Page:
The writing had been on the wall since last summer, when the newly elected Portuguese government decided to suspend construction of the Lisbon-Madrid high-speed rail line, saying the project would be “re-evaluated”. So it wasn’t entirely surprising when the government announced it was “definitively abandoning” the high-speed rail public-private partnership (PPP).
The decision follows last week’s rejection of the concession contract awarded for the first stretch of the line by Portugal’s Court of Auditors, the country’s spending watchdog, citing several irregularities throughout the procurement process.
A consortium including Portuguese companies Brisa, Soares da Costa and Spanish developer Iridium had successfully secured funding for the €1.65 billion, 165-kilometre first stretch of the Lisbon-Madrid line in late 2009 and had been waiting ever since for a green light from the government and the Court of Auditors to start building it.
A tender for a €2 billion, second half of the Lisbon-Madrid line had already been put on hold by the previous Socialist government, following the outbreak of Portugal’s sovereign debt woes.
Following the government’s decision to cancel the high-speed rail PPP, the question now becomes whether the winning consortium for the first portion of the line will be able to claim up to €300 million in compensation it says it is due for costs incurred through preparatory studies, bidding, and the securing of financing for the deal.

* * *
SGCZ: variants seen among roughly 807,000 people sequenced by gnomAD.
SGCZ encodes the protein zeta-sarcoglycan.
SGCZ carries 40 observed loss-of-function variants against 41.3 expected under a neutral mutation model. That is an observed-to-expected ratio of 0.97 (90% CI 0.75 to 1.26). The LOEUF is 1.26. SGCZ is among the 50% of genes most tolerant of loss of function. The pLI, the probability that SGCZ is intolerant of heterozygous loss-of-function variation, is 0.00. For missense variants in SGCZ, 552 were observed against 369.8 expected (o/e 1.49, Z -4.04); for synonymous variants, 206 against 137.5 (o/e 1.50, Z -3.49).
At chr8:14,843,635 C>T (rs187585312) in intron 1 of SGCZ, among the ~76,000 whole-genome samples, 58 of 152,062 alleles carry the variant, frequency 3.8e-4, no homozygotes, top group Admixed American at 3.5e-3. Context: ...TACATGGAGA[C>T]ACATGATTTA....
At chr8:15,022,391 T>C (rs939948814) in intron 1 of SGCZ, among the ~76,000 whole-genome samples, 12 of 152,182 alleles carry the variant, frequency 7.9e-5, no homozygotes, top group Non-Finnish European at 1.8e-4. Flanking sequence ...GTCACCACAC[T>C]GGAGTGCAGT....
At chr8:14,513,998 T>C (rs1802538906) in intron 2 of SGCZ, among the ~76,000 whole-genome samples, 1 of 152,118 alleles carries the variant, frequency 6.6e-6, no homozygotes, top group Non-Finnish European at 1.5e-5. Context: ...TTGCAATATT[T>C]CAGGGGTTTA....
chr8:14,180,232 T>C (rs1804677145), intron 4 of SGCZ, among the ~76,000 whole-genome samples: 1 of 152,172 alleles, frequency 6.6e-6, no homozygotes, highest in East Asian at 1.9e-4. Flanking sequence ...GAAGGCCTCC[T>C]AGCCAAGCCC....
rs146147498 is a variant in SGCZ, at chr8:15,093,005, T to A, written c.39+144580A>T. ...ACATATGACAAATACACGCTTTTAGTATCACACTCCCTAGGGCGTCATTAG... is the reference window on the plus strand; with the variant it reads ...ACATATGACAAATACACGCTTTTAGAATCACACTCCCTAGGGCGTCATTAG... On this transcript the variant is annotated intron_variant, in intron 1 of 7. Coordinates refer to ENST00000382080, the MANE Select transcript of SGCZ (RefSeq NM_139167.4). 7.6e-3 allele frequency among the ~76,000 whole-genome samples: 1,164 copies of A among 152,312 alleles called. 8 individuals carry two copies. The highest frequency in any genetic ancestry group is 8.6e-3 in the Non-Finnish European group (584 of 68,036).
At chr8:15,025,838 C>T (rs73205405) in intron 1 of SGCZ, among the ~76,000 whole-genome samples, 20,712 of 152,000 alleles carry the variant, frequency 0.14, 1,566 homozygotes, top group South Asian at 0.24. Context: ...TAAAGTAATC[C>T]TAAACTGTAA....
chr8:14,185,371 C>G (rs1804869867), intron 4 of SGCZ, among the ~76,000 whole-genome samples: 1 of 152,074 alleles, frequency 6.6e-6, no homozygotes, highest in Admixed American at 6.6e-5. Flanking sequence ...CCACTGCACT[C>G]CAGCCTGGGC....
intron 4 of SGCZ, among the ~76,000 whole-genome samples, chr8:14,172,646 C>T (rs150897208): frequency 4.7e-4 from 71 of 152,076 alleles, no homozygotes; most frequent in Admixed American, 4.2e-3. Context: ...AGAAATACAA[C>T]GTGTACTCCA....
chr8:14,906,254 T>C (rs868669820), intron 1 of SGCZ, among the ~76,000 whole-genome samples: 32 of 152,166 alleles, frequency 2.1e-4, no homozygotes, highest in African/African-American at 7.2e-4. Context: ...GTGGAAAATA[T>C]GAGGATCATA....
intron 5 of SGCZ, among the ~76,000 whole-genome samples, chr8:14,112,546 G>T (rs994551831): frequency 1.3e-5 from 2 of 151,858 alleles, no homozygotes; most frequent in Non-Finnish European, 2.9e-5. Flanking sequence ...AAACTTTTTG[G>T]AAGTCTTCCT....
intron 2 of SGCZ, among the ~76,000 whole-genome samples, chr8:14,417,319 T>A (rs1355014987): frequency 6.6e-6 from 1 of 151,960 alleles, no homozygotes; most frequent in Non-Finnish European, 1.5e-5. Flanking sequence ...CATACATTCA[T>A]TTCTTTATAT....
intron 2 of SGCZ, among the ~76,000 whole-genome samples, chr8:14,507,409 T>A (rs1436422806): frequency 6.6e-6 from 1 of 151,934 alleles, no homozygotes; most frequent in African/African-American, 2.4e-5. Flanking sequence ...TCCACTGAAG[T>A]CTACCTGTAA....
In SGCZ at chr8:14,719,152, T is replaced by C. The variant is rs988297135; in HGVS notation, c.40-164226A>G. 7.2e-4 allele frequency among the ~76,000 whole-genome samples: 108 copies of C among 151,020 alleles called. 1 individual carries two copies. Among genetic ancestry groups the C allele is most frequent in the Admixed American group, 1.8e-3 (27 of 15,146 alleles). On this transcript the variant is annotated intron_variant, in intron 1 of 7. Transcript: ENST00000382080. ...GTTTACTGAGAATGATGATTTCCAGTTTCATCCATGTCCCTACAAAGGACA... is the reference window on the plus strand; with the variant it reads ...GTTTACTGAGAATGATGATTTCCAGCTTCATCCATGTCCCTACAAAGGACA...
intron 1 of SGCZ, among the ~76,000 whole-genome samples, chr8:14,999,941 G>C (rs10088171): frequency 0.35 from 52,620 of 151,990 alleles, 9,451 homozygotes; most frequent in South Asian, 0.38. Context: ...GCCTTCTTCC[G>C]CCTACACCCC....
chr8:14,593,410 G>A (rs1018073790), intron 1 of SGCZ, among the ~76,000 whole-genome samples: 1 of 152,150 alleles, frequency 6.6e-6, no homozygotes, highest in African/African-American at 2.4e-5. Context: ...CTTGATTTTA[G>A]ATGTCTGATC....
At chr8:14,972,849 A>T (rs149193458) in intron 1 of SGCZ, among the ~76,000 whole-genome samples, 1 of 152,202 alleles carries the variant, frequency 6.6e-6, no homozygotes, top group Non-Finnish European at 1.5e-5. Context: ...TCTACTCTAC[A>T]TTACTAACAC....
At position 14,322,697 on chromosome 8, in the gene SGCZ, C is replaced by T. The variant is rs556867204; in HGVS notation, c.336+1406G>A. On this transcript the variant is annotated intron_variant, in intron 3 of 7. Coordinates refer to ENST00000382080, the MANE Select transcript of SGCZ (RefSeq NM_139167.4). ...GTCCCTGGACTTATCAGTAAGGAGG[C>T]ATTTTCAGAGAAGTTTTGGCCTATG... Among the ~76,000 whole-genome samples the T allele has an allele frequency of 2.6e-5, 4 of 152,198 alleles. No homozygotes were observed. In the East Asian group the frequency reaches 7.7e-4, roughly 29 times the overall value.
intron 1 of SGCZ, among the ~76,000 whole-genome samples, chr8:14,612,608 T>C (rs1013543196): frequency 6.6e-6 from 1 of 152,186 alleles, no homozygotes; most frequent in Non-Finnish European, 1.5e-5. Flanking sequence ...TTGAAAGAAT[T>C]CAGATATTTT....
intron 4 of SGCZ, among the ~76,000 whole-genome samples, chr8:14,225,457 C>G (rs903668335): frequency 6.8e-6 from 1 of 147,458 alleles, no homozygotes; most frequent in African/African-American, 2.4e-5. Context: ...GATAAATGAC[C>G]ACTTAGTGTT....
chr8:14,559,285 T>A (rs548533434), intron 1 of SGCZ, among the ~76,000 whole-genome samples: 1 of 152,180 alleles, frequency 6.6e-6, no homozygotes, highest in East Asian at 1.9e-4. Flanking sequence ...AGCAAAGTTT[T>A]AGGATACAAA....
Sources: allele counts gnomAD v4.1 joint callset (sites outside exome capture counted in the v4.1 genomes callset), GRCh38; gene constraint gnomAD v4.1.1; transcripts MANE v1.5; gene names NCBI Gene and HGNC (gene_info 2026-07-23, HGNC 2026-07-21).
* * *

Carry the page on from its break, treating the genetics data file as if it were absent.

Predictably, the government and the private sector are at odds over the actual compensation amount, with a war of words unfolding in the Portuguese press.
Soares da Costa head António Castro Henriques told Portuguese newspaper Jornal de Negocios that “there is a clause in the concession contract that clearly refers to a reimbursement of expenses in case the concession contract is not approved [by the Court of Auditors].” But Minister of Economy Alvaro Santos warned that any compensation due will be “certainly less” than the €300 million referenced by Henriques.
The dispute process may prove to be of particular interest to industry pundits, considering that the European Union and the International Monetary Fund told the new Portuguese government that it will have to revise its PPP contracts, with a view to reducing the state’s commitments, as a condition for the €78 billion bailout provided to the indebted nation last year.